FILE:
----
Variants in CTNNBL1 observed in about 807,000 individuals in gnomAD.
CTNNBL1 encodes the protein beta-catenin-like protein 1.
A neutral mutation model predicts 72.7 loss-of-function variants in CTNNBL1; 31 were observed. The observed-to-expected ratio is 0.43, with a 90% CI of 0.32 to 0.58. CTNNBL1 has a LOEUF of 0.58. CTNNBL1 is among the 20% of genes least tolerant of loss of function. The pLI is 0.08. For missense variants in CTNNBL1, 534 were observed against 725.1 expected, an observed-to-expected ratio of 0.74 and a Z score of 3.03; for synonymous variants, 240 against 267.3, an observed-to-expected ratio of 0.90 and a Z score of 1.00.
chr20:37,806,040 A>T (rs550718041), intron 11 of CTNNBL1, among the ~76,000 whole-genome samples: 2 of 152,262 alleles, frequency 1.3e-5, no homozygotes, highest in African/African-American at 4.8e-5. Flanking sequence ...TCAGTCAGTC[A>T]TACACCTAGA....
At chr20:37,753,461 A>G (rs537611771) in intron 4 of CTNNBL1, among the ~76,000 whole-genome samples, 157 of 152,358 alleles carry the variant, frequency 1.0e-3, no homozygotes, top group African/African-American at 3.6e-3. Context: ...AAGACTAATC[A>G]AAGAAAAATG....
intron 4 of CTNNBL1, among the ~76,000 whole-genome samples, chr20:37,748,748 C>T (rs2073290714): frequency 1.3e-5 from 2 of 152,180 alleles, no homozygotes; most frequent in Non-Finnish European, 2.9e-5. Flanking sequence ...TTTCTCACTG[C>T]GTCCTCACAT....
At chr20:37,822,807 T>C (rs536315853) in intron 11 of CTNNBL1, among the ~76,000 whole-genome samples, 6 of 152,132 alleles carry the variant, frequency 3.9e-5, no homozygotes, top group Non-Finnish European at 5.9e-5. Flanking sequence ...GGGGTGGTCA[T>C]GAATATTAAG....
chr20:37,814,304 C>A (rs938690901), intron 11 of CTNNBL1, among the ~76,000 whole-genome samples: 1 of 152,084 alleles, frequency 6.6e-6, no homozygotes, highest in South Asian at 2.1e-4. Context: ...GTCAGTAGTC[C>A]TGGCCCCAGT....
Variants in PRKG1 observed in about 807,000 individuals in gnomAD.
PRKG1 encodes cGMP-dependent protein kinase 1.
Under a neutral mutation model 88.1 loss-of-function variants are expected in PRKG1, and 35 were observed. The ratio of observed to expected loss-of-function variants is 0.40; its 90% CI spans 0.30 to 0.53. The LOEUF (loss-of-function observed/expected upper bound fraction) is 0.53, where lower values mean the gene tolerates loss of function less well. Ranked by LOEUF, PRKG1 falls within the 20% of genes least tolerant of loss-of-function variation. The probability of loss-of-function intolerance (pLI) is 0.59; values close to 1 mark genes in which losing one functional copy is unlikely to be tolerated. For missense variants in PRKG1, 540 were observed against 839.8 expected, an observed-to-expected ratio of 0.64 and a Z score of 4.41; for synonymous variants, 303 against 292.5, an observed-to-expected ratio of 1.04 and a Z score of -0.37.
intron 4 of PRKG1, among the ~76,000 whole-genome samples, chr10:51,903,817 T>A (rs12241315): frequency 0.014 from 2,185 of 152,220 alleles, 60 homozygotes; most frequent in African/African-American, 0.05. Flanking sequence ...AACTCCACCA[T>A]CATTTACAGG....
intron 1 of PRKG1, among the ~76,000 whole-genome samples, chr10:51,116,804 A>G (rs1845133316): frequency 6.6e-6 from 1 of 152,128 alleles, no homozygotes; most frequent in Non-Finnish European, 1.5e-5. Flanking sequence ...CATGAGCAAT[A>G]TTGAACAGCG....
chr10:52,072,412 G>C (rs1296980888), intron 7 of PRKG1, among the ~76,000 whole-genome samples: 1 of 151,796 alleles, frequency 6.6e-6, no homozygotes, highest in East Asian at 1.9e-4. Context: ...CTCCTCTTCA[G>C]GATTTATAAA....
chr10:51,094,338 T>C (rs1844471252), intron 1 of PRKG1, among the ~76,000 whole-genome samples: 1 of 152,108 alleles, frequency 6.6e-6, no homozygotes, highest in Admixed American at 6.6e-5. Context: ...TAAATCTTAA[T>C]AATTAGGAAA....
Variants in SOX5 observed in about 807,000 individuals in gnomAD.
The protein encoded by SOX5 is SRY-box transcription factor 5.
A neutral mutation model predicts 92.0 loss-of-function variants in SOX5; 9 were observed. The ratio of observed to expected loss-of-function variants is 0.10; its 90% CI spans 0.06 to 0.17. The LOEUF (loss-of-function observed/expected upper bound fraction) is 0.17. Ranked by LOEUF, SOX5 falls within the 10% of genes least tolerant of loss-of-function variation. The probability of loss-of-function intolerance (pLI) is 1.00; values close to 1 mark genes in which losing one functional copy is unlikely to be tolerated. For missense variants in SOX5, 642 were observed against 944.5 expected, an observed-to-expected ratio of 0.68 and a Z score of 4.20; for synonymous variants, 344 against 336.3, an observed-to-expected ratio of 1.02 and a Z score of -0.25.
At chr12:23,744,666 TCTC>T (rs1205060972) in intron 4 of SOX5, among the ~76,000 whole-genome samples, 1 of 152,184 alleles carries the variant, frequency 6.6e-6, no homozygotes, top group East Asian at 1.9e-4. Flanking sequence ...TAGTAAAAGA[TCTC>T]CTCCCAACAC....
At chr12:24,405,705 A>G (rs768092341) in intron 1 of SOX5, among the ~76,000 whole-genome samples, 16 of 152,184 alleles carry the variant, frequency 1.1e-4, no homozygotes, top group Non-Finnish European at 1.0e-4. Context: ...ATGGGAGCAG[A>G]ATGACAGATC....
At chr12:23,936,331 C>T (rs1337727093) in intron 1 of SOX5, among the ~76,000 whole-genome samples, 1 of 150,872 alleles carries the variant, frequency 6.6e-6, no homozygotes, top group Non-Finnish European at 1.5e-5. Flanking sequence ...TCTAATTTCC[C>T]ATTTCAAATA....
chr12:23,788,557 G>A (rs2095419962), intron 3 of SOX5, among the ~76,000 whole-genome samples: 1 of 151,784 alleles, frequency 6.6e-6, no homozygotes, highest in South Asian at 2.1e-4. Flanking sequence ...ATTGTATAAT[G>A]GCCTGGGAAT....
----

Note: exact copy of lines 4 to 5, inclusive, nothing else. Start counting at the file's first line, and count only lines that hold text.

chr20:37,806,040 A>T (rs550718041), intron 11 of CTNNBL1, among the ~76,000 whole-genome samples: 2 of 152,262 alleles, frequency 1.3e-5, no homozygotes, highest in African/African-American at 4.8e-5. Flanking sequence ...TCAGTCAGTC[A>T]TACACCTAGA....
At chr20:37,753,461 A>G (rs537611771) in intron 4 of CTNNBL1, among the ~76,000 whole-genome samples, 157 of 152,358 alleles carry the variant, frequency 1.0e-3, no homozygotes, top group African/African-American at 3.6e-3. Context: ...AAGACTAATC[A>G]AAGAAAAATG....